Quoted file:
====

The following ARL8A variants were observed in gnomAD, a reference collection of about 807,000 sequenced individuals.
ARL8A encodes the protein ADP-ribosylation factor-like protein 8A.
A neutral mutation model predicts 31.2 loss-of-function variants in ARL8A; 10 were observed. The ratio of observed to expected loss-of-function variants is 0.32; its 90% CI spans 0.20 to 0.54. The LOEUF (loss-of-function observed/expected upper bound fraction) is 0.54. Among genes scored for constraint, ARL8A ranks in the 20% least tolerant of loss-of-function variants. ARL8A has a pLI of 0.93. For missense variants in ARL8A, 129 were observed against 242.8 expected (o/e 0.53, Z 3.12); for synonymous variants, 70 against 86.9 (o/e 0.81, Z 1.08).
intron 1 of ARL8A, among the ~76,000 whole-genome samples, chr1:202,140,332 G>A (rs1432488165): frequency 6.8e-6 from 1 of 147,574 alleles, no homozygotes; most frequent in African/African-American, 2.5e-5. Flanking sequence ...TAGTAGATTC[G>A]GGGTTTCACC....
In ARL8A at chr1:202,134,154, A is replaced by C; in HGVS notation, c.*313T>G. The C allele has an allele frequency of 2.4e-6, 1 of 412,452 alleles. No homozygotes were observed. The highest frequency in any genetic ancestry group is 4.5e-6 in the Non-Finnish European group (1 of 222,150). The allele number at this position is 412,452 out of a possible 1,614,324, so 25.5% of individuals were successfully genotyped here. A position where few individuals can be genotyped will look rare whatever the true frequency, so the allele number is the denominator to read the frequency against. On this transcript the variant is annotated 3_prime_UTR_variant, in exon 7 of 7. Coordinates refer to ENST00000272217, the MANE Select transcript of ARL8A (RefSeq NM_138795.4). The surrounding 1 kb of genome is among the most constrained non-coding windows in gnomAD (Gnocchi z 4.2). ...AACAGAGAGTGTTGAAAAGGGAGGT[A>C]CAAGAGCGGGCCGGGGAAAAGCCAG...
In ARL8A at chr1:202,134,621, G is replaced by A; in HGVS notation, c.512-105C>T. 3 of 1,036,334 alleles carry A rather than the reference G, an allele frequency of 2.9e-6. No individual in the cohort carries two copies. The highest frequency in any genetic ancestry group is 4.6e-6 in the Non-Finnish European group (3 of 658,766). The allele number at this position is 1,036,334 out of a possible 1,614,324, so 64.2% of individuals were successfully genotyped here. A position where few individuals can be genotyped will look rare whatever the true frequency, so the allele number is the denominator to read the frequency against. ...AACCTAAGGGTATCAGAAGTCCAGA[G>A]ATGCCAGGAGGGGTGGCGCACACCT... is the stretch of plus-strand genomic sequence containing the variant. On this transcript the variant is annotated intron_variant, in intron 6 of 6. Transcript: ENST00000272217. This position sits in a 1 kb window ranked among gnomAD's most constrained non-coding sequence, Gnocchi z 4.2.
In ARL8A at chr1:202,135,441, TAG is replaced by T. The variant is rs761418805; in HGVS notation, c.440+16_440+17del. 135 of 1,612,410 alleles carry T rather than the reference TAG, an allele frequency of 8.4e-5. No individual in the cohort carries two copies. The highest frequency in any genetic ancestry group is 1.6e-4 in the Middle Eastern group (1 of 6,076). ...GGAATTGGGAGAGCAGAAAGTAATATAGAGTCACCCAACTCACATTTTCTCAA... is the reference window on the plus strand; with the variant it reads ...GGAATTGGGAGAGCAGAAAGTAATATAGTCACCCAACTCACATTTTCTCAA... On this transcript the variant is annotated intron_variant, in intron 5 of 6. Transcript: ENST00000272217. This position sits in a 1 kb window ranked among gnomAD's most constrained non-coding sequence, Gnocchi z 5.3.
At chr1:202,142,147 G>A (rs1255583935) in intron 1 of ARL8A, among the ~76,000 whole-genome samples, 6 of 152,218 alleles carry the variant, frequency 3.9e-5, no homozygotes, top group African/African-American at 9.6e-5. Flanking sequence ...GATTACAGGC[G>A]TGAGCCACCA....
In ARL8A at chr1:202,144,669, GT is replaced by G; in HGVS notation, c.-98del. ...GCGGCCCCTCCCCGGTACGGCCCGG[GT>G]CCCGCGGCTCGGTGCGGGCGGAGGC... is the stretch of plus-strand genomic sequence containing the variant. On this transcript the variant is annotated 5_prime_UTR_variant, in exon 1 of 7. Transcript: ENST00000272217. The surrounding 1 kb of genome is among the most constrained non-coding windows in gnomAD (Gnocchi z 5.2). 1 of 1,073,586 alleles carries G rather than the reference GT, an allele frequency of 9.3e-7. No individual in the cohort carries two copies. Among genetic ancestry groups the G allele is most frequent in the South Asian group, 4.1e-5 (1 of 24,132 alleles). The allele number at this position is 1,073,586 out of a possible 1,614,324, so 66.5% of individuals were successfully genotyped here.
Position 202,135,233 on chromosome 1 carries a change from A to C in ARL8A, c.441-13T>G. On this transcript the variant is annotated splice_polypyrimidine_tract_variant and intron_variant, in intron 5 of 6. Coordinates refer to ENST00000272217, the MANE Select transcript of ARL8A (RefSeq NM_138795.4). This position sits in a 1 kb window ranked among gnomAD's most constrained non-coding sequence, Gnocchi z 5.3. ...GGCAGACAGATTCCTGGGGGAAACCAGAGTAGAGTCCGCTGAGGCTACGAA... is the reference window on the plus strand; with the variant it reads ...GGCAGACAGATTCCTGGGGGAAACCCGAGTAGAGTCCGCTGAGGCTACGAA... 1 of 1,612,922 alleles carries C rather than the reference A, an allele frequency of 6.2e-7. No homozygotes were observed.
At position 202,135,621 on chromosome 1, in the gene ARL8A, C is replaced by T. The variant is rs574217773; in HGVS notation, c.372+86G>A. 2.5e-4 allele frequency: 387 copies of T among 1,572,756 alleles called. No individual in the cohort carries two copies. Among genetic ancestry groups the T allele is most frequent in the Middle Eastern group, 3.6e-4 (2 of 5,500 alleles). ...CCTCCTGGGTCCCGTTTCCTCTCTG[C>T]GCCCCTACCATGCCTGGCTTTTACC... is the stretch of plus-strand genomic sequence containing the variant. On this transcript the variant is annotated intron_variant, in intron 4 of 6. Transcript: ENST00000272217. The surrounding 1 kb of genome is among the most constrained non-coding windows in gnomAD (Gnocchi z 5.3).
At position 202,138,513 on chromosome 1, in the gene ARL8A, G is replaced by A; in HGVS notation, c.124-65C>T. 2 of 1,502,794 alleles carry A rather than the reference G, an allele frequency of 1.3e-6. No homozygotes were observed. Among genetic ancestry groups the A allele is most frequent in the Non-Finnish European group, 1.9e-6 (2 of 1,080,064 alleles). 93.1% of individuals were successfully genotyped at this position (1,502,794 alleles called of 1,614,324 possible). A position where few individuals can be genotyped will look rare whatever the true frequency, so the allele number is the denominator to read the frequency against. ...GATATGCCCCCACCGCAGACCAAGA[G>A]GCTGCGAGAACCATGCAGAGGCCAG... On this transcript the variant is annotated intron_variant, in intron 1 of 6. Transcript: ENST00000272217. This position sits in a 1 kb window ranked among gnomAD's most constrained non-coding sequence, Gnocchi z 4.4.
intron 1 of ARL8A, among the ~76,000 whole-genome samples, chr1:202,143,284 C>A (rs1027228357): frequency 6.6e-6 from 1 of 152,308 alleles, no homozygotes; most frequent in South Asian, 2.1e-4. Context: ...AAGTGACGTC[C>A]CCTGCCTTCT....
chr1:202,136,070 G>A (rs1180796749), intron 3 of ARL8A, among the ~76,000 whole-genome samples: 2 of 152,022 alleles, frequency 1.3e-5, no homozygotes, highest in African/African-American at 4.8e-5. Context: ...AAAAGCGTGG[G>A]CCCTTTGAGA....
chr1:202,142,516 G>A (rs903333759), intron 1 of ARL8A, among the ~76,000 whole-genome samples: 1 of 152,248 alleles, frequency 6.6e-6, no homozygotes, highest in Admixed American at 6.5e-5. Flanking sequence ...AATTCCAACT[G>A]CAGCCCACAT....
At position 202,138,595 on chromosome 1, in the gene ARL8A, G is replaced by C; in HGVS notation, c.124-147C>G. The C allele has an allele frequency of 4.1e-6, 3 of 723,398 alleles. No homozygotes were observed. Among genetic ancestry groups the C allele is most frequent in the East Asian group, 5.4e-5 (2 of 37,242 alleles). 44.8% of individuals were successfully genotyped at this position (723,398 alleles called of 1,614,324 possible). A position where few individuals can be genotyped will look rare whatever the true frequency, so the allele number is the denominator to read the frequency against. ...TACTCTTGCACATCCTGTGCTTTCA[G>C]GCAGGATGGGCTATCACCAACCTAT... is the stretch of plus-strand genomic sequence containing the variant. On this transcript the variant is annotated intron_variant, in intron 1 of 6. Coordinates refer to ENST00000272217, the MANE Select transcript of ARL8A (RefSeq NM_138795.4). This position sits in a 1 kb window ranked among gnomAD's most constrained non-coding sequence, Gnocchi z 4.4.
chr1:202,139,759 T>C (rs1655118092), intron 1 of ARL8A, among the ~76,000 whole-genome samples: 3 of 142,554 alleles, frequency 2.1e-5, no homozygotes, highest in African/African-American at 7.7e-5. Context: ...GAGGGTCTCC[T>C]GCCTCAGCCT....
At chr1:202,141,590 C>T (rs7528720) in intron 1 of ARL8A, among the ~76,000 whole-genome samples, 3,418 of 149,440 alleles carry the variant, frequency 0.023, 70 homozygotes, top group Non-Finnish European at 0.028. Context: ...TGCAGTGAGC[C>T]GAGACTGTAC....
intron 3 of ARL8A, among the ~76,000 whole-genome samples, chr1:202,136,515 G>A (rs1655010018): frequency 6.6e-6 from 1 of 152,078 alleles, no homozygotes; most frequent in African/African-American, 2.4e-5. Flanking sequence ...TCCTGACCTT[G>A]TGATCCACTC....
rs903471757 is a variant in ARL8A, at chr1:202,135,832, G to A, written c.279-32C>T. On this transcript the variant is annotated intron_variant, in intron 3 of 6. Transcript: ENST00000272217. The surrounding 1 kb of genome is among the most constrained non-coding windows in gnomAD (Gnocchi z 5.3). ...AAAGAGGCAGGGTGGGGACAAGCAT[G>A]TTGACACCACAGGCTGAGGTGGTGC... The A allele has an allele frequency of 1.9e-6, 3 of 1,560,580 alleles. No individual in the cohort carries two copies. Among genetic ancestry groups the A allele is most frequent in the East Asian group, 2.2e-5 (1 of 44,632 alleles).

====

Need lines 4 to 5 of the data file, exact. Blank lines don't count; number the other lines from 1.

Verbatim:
intron 1 of ARL8A, among the ~76,000 whole-genome samples, chr1:202,140,332 G>A (rs1432488165): frequency 6.8e-6 from 1 of 147,574 alleles, no homozygotes; most frequent in African/African-American, 2.5e-5. Flanking sequence ...TAGTAGATTC[G>A]GGGTTTCACC....
In ARL8A at chr1:202,134,154, A is replaced by C; in HGVS notation, c.*313T>G. The C allele has an allele frequency of 2.4e-6, 1 of 412,452 alleles. No homozygotes were observed. The highest frequency in any genetic ancestry group is 4.5e-6 in the Non-Finnish European group (1 of 222,150). The allele number at this position is 412,452 out of a possible 1,614,324, so 25.5% of individuals were successfully genotyped here. A position where few individuals can be genotyped will look rare whatever the true frequency, so the allele number is the denominator to read the frequency against. On this transcript the variant is annotated 3_prime_UTR_variant, in exon 7 of 7. Coordinates refer to ENST00000272217, the MANE Select transcript of ARL8A (RefSeq NM_138795.4). The surrounding 1 kb of genome is among the most constrained non-coding windows in gnomAD (Gnocchi z 4.2). ...AACAGAGAGTGTTGAAAAGGGAGGT[A>C]CAAGAGCGGGCCGGGGAAAAGCCAG...